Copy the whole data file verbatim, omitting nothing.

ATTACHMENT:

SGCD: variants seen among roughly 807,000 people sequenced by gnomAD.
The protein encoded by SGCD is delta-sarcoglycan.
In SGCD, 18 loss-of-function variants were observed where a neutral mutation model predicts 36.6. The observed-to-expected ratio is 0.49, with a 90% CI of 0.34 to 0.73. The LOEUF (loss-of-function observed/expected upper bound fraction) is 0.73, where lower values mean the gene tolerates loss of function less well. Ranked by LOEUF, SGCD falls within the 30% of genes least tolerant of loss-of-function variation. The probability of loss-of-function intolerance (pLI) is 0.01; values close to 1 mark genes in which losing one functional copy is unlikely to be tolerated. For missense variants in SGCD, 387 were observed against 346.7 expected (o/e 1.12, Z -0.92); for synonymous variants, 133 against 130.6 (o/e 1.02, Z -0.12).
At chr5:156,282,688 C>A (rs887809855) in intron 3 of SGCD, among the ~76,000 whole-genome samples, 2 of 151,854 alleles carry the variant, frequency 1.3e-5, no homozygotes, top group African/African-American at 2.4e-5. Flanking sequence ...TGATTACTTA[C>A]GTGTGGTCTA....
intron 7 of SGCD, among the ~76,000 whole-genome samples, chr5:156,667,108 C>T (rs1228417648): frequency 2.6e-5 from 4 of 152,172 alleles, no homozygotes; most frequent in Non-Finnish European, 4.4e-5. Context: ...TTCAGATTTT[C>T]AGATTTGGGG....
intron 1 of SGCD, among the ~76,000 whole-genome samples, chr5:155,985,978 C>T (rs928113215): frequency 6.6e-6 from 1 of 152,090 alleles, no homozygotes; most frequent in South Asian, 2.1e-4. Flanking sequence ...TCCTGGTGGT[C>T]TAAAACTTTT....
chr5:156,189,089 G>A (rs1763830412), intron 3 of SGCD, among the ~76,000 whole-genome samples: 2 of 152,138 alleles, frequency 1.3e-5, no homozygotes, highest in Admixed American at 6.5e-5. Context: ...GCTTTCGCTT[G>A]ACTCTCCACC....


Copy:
SGCD: variants seen among roughly 807,000 people sequenced by gnomAD.
The protein encoded by SGCD is delta-sarcoglycan.
In SGCD, 18 loss-of-function variants were observed where a neutral mutation model predicts 36.6. The observed-to-expected ratio is 0.49, with a 90% CI of 0.34 to 0.73. The LOEUF (loss-of-function observed/expected upper bound fraction) is 0.73, where lower values mean the gene tolerates loss of function less well. Ranked by LOEUF, SGCD falls within the 30% of genes least tolerant of loss-of-function variation. The probability of loss-of-function intolerance (pLI) is 0.01; values close to 1 mark genes in which losing one functional copy is unlikely to be tolerated. For missense variants in SGCD, 387 were observed against 346.7 expected (o/e 1.12, Z -0.92); for synonymous variants, 133 against 130.6 (o/e 1.02, Z -0.12).
At chr5:156,282,688 C>A (rs887809855) in intron 3 of SGCD, among the ~76,000 whole-genome samples, 2 of 151,854 alleles carry the variant, frequency 1.3e-5, no homozygotes, top group African/African-American at 2.4e-5. Flanking sequence ...TGATTACTTA[C>A]GTGTGGTCTA....
intron 7 of SGCD, among the ~76,000 whole-genome samples, chr5:156,667,108 C>T (rs1228417648): frequency 2.6e-5 from 4 of 152,172 alleles, no homozygotes; most frequent in Non-Finnish European, 4.4e-5. Context: ...TTCAGATTTT[C>T]AGATTTGGGG....
intron 1 of SGCD, among the ~76,000 whole-genome samples, chr5:155,985,978 C>T (rs928113215): frequency 6.6e-6 from 1 of 152,090 alleles, no homozygotes; most frequent in South Asian, 2.1e-4. Flanking sequence ...TCCTGGTGGT[C>T]TAAAACTTTT....
chr5:156,189,089 G>A (rs1763830412), intron 3 of SGCD, among the ~76,000 whole-genome samples: 2 of 152,138 alleles, frequency 1.3e-5, no homozygotes, highest in Admixed American at 6.5e-5. Context: ...GCTTTCGCTT[G>A]ACTCTCCACC....